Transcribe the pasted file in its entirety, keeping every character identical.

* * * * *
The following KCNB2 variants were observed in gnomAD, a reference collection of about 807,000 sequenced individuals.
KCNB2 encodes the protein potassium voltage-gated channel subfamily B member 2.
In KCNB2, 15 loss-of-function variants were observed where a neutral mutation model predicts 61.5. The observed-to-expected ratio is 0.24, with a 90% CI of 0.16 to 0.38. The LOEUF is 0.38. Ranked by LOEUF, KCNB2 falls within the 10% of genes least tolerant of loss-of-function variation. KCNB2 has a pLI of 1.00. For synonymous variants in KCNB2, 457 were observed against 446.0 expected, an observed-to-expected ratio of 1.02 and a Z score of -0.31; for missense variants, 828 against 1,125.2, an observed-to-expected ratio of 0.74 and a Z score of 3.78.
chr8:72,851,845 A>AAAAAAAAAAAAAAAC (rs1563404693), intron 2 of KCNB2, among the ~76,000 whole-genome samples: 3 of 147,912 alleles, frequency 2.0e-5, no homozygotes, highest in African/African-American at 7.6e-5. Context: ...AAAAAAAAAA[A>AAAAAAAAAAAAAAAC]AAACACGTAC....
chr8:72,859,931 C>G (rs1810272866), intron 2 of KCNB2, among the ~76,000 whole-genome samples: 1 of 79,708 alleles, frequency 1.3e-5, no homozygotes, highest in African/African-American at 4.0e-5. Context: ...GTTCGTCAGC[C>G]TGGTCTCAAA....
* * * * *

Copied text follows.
The following KCNB2 variants were observed in gnomAD, a reference collection of about 807,000 sequenced individuals.
KCNB2 encodes the protein potassium voltage-gated channel subfamily B member 2.
In KCNB2, 15 loss-of-function variants were observed where a neutral mutation model predicts 61.5. The observed-to-expected ratio is 0.24, with a 90% CI of 0.16 to 0.38. The LOEUF is 0.38. Ranked by LOEUF, KCNB2 falls within the 10% of genes least tolerant of loss-of-function variation. KCNB2 has a pLI of 1.00. For synonymous variants in KCNB2, 457 were observed against 446.0 expected, an observed-to-expected ratio of 1.02 and a Z score of -0.31; for missense variants, 828 against 1,125.2, an observed-to-expected ratio of 0.74 and a Z score of 3.78.
chr8:72,851,845 A>AAAAAAAAAAAAAAAC (rs1563404693), intron 2 of KCNB2, among the ~76,000 whole-genome samples: 3 of 147,912 alleles, frequency 2.0e-5, no homozygotes, highest in African/African-American at 7.6e-5. Context: ...AAAAAAAAAA[A>AAAAAAAAAAAAAAAC]AAACACGTAC....
chr8:72,859,931 C>G (rs1810272866), intron 2 of KCNB2, among the ~76,000 whole-genome samples: 1 of 79,708 alleles, frequency 1.3e-5, no homozygotes, highest in African/African-American at 4.0e-5. Context: ...GTTCGTCAGC[C>G]TGGTCTCAAA....